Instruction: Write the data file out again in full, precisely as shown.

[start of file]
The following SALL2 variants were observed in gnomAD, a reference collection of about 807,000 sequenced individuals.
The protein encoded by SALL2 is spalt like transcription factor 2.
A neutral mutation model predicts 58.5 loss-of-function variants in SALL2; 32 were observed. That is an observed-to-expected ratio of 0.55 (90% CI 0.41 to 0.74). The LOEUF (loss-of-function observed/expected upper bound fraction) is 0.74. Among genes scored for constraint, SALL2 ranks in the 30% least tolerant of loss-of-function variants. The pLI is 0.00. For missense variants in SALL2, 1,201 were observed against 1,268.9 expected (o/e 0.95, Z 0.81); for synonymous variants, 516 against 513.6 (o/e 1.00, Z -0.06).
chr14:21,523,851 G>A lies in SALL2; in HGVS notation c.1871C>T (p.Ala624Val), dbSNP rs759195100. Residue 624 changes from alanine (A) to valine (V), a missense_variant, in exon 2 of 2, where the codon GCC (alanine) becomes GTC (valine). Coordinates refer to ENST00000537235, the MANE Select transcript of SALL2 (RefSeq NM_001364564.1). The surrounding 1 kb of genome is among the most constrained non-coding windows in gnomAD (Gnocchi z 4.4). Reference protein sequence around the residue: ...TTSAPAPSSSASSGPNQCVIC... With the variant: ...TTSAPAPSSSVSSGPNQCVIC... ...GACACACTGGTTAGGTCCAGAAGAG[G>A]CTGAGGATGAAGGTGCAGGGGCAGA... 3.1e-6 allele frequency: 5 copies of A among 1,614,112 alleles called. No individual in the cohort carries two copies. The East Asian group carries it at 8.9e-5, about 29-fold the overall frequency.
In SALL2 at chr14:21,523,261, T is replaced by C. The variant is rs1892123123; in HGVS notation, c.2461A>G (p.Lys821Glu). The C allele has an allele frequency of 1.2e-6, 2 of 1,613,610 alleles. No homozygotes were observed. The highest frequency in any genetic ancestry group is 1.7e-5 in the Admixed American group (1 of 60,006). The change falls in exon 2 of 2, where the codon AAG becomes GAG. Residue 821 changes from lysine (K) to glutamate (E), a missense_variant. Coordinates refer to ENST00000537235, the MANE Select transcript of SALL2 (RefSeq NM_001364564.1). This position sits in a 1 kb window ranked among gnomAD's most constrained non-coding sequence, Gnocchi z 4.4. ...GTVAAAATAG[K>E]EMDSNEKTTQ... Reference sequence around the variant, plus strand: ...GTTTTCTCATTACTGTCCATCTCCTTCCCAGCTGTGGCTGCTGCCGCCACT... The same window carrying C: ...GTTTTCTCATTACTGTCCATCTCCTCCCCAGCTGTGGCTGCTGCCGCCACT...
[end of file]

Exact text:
The following SALL2 variants were observed in gnomAD, a reference collection of about 807,000 sequenced individuals.
The protein encoded by SALL2 is spalt like transcription factor 2.
A neutral mutation model predicts 58.5 loss-of-function variants in SALL2; 32 were observed. That is an observed-to-expected ratio of 0.55 (90% CI 0.41 to 0.74). The LOEUF (loss-of-function observed/expected upper bound fraction) is 0.74. Among genes scored for constraint, SALL2 ranks in the 30% least tolerant of loss-of-function variants. The pLI is 0.00. For missense variants in SALL2, 1,201 were observed against 1,268.9 expected (o/e 0.95, Z 0.81); for synonymous variants, 516 against 513.6 (o/e 1.00, Z -0.06).
chr14:21,523,851 G>A lies in SALL2; in HGVS notation c.1871C>T (p.Ala624Val), dbSNP rs759195100. Residue 624 changes from alanine (A) to valine (V), a missense_variant, in exon 2 of 2, where the codon GCC (alanine) becomes GTC (valine). Coordinates refer to ENST00000537235, the MANE Select transcript of SALL2 (RefSeq NM_001364564.1). The surrounding 1 kb of genome is among the most constrained non-coding windows in gnomAD (Gnocchi z 4.4). Reference protein sequence around the residue: ...TTSAPAPSSSASSGPNQCVIC... With the variant: ...TTSAPAPSSSVSSGPNQCVIC... ...GACACACTGGTTAGGTCCAGAAGAG[G>A]CTGAGGATGAAGGTGCAGGGGCAGA... 3.1e-6 allele frequency: 5 copies of A among 1,614,112 alleles called. No individual in the cohort carries two copies. The East Asian group carries it at 8.9e-5, about 29-fold the overall frequency.
In SALL2 at chr14:21,523,261, T is replaced by C. The variant is rs1892123123; in HGVS notation, c.2461A>G (p.Lys821Glu). The C allele has an allele frequency of 1.2e-6, 2 of 1,613,610 alleles. No homozygotes were observed. The highest frequency in any genetic ancestry group is 1.7e-5 in the Admixed American group (1 of 60,006). The change falls in exon 2 of 2, where the codon AAG becomes GAG. Residue 821 changes from lysine (K) to glutamate (E), a missense_variant. Coordinates refer to ENST00000537235, the MANE Select transcript of SALL2 (RefSeq NM_001364564.1). This position sits in a 1 kb window ranked among gnomAD's most constrained non-coding sequence, Gnocchi z 4.4. ...GTVAAAATAG[K>E]EMDSNEKTTQ... Reference sequence around the variant, plus strand: ...GTTTTCTCATTACTGTCCATCTCCTTCCCAGCTGTGGCTGCTGCCGCCACT... The same window carrying C: ...GTTTTCTCATTACTGTCCATCTCCTCCCCAGCTGTGGCTGCTGCCGCCACT...